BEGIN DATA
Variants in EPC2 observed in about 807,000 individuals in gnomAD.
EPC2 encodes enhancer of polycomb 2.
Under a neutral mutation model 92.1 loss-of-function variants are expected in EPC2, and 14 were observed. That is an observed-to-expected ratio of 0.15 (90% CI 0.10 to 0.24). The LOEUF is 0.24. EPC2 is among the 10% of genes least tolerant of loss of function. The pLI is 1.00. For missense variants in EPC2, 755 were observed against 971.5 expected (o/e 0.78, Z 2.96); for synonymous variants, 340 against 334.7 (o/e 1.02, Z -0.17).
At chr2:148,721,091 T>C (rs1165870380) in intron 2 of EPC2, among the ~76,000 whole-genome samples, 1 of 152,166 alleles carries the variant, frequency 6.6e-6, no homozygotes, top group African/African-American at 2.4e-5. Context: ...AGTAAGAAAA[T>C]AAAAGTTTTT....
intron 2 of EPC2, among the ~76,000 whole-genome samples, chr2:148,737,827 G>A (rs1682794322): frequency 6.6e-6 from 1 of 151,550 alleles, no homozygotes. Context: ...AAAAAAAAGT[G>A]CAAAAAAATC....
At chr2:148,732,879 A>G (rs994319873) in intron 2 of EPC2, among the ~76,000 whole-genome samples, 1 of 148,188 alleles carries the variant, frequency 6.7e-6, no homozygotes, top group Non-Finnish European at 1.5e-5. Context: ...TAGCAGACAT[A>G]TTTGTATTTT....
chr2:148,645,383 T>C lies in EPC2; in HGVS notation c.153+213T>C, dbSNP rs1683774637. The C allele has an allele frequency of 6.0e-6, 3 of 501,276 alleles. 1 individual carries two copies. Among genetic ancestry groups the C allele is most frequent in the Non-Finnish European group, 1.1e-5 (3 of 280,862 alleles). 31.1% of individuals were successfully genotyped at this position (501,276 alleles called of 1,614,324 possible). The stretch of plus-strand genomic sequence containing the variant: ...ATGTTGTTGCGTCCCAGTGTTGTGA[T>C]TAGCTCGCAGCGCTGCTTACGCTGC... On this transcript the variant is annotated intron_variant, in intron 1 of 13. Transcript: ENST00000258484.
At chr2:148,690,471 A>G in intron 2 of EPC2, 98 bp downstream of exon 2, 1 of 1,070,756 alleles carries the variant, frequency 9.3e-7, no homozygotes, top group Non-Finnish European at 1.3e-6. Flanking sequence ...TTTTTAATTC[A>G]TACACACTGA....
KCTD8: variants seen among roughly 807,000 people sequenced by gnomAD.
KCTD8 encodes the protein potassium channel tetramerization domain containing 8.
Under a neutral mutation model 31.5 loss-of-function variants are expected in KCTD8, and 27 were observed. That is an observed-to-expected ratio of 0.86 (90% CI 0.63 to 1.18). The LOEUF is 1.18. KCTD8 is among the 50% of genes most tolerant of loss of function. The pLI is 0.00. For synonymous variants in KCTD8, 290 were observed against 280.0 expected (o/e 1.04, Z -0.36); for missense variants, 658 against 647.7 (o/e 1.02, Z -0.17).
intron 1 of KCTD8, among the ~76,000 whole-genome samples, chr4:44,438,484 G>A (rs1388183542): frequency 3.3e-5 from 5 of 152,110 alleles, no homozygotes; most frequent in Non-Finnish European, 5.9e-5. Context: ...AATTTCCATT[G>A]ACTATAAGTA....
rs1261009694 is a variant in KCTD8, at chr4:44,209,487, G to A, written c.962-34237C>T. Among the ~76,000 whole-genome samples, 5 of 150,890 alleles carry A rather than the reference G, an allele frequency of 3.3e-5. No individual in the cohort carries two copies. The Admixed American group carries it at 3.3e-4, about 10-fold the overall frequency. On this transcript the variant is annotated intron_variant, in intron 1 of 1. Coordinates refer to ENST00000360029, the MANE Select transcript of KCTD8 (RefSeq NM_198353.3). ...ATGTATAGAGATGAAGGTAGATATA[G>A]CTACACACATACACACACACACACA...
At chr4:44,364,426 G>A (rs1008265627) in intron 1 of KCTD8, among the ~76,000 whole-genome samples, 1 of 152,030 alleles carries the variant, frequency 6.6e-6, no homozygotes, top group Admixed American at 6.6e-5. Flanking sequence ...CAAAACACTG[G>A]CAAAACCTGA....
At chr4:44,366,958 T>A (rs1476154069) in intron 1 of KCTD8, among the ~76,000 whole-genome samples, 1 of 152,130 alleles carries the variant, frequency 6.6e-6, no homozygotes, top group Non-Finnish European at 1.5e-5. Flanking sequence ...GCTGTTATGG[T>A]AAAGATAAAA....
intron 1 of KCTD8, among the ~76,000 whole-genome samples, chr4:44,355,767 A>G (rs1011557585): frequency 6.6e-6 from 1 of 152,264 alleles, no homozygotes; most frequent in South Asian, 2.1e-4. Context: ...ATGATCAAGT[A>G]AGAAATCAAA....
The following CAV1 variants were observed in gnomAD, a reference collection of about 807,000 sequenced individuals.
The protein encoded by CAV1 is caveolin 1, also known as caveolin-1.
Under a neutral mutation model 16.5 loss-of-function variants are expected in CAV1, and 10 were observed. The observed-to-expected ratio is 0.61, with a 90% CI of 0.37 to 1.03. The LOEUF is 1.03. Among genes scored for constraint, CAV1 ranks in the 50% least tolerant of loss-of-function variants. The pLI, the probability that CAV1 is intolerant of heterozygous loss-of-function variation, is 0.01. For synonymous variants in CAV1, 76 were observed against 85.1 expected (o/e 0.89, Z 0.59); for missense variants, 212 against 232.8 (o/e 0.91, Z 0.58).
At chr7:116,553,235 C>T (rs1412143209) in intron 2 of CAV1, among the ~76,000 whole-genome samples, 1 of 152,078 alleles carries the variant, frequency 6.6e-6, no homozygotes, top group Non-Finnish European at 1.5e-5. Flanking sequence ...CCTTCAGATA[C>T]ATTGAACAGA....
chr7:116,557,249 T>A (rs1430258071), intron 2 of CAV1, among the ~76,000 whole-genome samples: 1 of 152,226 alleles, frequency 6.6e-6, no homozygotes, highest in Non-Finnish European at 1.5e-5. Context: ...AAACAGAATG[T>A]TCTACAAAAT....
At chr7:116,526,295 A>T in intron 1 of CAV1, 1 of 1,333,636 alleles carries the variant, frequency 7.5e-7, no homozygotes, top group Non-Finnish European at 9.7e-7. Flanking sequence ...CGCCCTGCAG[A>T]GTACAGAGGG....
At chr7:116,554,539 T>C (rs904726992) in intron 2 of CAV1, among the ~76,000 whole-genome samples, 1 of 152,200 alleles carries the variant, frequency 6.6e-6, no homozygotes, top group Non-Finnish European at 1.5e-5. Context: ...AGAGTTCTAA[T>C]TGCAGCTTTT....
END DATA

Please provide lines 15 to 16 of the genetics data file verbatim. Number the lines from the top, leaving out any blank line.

At chr4:44,366,958 T>A (rs1476154069) in intron 1 of KCTD8, among the ~76,000 whole-genome samples, 1 of 152,130 alleles carries the variant, frequency 6.6e-6, no homozygotes, top group Non-Finnish European at 1.5e-5. Flanking sequence ...GCTGTTATGG[T>A]AAAGATAAAA....
intron 1 of KCTD8, among the ~76,000 whole-genome samples, chr4:44,355,767 A>G (rs1011557585): frequency 6.6e-6 from 1 of 152,264 alleles, no homozygotes; most frequent in South Asian, 2.1e-4. Context: ...ATGATCAAGT[A>G]AGAAATCAAA....